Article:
Subsequently, following the government’s issue of the National Planning Policy Framework (NPPF), which replaced the planning policies used in the Henderson applications for outline permission, Henderson submitted two additional documents to the council. The head of planning considered the NPPF and concluded that the balance could not have changed other than towards supporting the development proposals.

His report was therefore placed on the council’s file but not uploaded on to its website. Following signing of the section 106 agreement planning consent was granted for the redevelopment of the site.

The planning decision was challenged by the Bishop’s Stortford Civic Federation on two grounds. The first was that, by reason of Cllr Tindale’s remarks, the position he held, how he came to speak and the influence those statements may have had, he ‘polluted the well’ of the determination. The second concerned whether the council acted unfairly in granting planning permission by failing to give the federation or others the opportunity to comment on the additional documents submitted by Henderson after outline permission had been granted.

Court’s view

Cranston J (pictured) said he could not accept Maria Memoli’s conclusion that because there was nothing in the constitution or other documents of the council expressly allowing Cllr Tindale to attend and address the committee, he had no right to do so. That, said Cranston J, was not the law. On the contrary ‘the law is that, unless there is an express provision in the Council’s constitution or other documents preventing attendance, any councillor can, with the committee’s permission, in principle attend and address it’.

He distinguished R (Richardson) v North Yorkshire County Council [2003] EWCA Civ 1860, where the Court of Appeal had found that a councillor with a prejudicial interest (under the law as it then was) could not ‘simply by declaring that he attends in his private capacity…  divest himself of his official capacity as a councillor’. In this case Cllr Tindale had no personal (or in current terms) ‘disclosable pecuniary interest’.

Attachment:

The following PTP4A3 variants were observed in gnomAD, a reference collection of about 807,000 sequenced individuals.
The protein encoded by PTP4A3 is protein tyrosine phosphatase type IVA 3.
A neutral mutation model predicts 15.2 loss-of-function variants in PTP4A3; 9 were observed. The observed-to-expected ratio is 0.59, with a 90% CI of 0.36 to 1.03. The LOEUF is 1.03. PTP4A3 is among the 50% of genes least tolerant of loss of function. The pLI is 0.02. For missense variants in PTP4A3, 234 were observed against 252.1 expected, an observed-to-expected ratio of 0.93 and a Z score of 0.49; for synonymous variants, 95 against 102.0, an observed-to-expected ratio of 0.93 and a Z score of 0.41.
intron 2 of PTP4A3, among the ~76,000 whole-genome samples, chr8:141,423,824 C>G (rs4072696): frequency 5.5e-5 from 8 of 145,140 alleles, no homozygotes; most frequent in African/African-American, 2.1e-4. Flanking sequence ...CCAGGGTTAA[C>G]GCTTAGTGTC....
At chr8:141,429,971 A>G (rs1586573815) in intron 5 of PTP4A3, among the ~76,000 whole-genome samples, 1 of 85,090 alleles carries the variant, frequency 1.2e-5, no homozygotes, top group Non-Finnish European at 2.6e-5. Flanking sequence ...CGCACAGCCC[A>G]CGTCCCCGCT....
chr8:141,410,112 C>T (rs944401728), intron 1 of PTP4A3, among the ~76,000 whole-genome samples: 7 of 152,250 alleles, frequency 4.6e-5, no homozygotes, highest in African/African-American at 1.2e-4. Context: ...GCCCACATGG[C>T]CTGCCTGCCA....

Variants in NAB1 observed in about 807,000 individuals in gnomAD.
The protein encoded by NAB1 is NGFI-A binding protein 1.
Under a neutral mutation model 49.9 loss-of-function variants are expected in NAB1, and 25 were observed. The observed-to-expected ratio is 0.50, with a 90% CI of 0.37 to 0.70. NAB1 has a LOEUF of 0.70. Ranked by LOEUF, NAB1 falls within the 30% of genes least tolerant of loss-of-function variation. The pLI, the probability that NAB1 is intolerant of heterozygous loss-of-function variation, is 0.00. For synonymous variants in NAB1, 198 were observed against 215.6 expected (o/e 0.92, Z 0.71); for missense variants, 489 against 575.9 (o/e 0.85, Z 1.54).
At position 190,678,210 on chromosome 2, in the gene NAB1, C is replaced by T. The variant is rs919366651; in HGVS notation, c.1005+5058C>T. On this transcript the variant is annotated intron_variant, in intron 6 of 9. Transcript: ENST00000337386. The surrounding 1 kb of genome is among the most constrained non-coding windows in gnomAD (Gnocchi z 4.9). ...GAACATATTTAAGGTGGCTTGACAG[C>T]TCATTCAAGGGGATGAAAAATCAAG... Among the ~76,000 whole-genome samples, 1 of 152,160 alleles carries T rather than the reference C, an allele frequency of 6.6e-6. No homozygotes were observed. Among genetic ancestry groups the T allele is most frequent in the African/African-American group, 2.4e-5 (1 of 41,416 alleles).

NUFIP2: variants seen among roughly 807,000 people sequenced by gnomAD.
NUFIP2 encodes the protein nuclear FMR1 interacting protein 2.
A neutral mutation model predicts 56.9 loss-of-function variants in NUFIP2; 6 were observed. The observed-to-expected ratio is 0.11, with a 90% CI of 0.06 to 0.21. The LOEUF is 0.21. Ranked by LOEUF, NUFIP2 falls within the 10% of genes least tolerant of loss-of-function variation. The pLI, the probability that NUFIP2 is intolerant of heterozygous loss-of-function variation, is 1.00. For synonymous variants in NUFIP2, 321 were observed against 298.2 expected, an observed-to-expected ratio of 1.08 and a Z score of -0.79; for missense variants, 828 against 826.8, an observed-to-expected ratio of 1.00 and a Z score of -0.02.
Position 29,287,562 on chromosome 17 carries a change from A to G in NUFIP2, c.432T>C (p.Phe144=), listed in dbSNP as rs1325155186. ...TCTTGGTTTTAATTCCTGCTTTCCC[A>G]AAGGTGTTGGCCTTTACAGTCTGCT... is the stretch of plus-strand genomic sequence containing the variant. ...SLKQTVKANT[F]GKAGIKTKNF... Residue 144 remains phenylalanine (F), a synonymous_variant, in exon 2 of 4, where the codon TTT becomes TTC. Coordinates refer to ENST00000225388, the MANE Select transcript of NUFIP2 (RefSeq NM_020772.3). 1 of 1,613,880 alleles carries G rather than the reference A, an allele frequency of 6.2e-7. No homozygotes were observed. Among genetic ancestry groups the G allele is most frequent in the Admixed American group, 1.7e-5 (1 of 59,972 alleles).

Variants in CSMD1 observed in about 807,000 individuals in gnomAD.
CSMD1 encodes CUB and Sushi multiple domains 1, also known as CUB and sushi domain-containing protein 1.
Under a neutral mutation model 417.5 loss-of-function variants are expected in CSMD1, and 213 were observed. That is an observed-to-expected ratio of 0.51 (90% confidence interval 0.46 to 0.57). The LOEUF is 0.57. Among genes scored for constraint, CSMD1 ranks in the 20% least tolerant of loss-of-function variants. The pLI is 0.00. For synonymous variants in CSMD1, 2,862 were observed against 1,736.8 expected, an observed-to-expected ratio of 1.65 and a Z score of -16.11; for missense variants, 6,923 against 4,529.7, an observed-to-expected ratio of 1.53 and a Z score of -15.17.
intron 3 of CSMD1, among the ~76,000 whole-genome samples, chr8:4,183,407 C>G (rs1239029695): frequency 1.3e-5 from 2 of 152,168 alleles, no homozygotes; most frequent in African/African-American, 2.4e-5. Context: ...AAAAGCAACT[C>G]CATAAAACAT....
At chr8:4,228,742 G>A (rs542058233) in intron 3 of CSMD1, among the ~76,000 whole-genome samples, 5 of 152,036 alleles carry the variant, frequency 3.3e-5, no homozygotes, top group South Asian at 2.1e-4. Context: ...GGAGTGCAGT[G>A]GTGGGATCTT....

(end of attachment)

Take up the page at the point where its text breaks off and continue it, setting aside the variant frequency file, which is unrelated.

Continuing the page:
His lordship also found no ‘pollution of the well’ by Cllr Tindale who, given the fact that a mixed use development for the site was ‘on the cards’ did not mislead the committee.

As to the issue of the effect of Cllr Tindale’s intervention on the outcome of the planning decision, Cranston J was ‘simply not persuaded’ that relevant remarks had any influence on committee members. In his view there was ‘no reasonable basis for concluding that, despite… clear direction in the planning officer’s report, the members would nonetheless have done something else’.

Furthermore, the majority councillors were experienced and all members ‘had received training which emphasised that they should always focus on planning matters only in their decision making’. And the ‘cut and thrust of political debate is not conducive to refined textual analysis’.

The judge also referred to fundamental issues relating to the appropriateness of courts delving too deeply into the debates of democratically elected politicians for ‘excessive forensic analysis of political debate has an appearance of fettering the democratic process’.

As to ground two, there was no unfairness since there had been no material change arising from the policy changes. Any unfairness would have been ‘entirely technical’ and ‘English law does not recognise a technical breach of natural justice’.

Cranston J also referred to the previous finding that Cllr Tindale had been in technical breach of the code of conduct through his relevant representations, remarking that in the circumstances ‘a large question mark hangs over that finding’.


This is an interesting case on elected members’ rights of audience in planning determinations (where there is no disabling personal interest) and also caution about excessive analysis fettering the democratic process.

Dr Nicholas Dobson is a consultant at Freeth Cartwright